Highway 30 Cruisers, & a Reunion

Yesterday Diane took her Mom, Jean, shopping for groceries at Fred Meyer in Scappoose. On the way, Diane suggested that I go see what’s happening at the car show being held at the Spring Meadows Old Folks Home, which is almost directly across Highway 30 from Freddies. Thinking I might enjoy that, vs. wandering around the store with no direction, I agreed and took over the driver’s seat after Diane and Mom exited the vehicle.

The car show was put on by the Highway 30 Cruisers, a local car club which I’ve been asked to join because I have an old 1968 Chevy truck. Since the truck isn’t a piece of work one would normally display at a car show I’ve been hesitant but after today, I’m not so sure.

“Why,” you may ask, to which I would respond, “because they have a show category right up my alley. It’s called “In Progress”, and here’s the winner for the show …


There was a little history on the old truck explaining that the owner found the truck at the bottom of a lake where it had resided for many years. There was no mention of how it got there, or if he was the original owner, but, considering his age, I would venture to say it may have belonged to his grandfather, or someone in that age category. Neither was there any mention of what it took to render the truck drivable after draining all the water out of it, but I’d guess it wasn’t an easy process. The did report, however, that nothing has been done to the body since returning it to daylight, and a quick peek around the bottom of the doors indicates it has a serious rust issue going on. Mine doesn’t. So, I could enter mine in this category with confidence that I could at least get second place. Now all I have to do is get the transmission fixed, replace the flywheel, and have someone with more knowledge than me adjust the starter so it doesn’t break anything when engaged. Once there, I’ll join the club and share my good fortune as it  happens.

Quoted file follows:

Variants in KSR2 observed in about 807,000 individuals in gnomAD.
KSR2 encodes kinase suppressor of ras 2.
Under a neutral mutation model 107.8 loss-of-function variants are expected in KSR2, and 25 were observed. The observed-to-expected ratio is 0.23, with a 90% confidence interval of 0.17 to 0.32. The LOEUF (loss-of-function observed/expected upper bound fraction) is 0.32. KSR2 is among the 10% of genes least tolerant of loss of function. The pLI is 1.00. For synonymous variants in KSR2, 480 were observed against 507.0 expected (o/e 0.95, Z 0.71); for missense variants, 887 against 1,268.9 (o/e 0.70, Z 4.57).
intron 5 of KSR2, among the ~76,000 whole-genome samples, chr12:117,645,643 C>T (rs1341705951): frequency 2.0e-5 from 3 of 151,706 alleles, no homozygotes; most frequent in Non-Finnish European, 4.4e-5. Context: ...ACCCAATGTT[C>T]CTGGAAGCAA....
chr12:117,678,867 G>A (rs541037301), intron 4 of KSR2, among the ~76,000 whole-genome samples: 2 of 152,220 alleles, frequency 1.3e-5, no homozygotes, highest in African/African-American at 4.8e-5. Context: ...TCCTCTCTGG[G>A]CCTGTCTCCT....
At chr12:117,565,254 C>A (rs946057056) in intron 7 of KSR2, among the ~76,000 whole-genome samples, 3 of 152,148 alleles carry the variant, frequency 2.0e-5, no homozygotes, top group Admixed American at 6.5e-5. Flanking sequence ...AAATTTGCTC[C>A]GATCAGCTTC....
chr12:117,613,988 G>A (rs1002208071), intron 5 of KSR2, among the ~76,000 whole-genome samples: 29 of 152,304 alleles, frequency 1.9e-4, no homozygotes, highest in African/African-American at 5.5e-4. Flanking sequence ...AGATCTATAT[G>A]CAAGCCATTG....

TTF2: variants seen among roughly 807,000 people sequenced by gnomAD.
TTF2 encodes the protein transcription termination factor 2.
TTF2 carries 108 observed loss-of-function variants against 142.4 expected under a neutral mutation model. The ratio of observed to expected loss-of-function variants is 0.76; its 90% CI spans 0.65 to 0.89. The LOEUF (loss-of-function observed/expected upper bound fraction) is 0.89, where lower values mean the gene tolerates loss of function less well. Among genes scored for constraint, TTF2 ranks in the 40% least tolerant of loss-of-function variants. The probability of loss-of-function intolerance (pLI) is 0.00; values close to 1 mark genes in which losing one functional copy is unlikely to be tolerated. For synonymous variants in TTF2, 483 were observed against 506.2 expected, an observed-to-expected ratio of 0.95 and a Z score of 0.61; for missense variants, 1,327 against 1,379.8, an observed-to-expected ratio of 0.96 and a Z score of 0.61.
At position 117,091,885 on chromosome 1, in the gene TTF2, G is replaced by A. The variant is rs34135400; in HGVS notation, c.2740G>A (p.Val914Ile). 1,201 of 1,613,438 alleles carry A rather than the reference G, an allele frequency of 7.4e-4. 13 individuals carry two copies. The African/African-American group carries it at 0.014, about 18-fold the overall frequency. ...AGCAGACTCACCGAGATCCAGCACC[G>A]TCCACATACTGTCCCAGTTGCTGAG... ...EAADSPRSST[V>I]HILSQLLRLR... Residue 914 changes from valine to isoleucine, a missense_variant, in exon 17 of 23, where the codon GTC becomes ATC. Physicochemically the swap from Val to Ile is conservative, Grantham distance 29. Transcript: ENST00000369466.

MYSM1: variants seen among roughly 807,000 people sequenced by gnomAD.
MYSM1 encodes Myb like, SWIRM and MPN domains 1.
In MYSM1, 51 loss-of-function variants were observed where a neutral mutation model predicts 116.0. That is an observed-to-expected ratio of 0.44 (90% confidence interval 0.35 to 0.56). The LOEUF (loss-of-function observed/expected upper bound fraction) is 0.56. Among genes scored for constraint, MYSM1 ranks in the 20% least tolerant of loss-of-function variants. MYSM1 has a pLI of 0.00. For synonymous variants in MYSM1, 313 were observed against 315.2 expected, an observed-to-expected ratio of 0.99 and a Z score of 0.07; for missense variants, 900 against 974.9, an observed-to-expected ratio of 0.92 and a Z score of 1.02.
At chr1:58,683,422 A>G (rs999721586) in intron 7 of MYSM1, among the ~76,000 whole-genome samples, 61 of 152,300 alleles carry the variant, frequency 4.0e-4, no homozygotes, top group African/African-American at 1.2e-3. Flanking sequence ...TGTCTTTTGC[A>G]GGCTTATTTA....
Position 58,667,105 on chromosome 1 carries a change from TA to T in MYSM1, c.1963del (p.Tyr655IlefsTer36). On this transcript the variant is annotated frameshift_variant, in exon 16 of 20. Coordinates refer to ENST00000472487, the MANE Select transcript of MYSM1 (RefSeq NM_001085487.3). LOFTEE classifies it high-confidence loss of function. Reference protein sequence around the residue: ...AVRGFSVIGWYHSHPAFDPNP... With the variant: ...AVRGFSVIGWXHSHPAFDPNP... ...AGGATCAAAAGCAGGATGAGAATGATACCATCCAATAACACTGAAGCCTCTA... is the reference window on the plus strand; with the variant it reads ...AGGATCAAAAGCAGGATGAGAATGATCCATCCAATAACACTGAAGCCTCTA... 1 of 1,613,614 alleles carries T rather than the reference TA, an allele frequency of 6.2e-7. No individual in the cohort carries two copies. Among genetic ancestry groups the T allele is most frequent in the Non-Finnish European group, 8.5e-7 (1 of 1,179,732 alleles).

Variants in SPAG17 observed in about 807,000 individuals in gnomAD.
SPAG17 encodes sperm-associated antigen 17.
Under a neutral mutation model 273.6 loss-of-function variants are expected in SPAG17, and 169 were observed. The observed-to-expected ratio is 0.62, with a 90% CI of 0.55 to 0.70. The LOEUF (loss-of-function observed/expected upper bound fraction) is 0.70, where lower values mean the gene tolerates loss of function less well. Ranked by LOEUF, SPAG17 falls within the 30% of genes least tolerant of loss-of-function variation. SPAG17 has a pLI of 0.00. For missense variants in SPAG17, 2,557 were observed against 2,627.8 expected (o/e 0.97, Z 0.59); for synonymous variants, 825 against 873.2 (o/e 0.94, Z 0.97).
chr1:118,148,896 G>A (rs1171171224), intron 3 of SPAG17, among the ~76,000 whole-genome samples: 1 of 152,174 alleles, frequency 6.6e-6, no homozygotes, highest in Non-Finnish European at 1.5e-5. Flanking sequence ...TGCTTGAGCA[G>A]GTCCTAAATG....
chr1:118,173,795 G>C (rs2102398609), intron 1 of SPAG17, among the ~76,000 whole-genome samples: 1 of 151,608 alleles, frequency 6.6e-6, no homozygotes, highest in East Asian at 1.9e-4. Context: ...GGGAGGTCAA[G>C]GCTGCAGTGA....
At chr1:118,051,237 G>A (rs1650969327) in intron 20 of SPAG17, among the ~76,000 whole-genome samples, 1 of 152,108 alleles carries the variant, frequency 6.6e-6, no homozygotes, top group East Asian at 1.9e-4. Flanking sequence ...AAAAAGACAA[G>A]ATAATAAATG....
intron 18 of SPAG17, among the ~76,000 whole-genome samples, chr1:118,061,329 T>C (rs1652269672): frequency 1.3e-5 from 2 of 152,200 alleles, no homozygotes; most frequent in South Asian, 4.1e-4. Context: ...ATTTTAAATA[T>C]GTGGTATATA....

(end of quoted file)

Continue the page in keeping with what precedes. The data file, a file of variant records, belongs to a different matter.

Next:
Here’s an old 50-something Chevy hardtop that was pretty nice. It’s an interesting color. I talked with the owner for a while, another old guy, as are all the folks who had their cars in the show. He gave me the history on the car, but I can’t remember what he told me. But, it was a nice visit.



The next photo is of a card attached to the inside of the windshield of an old model A (I think) with a rumble seat. I’ve mentioned in the past, many times, I’m sure, that Mrs. Roney picked me up at school in one of these and drove me to her house for my piano lessons. She did that for five years, second through sixth grade. I always rode in the rumble seat. What fun. I don’t think anyone’s likely to ride in the rumble seat on this rig.
DSC_1927The next one is owned by an old friend, Gary, with whom I played drums in the high school band in 1961, or so. It’s a 1936 Plymouth in pristine condition. We had a good time in the back row of the band. When I got to his car I saw Spud & Leonna. That was odd, because Spud was a year ahead of me in high school and I inherited the #1 drummer position when he graduated, and there we were, three old Scappoose High School drummers. Small world, huh? Well, it’s not a large town so it’s not really unusual.DSC_1921

This Corvair belongs to Dave, one of my classmates from high school. Someone told me he had to push it to the show, but I later learned that was a bald-faced lie. He drove it there just fine. He’s married to Janice, one of Diane’s high school classmates.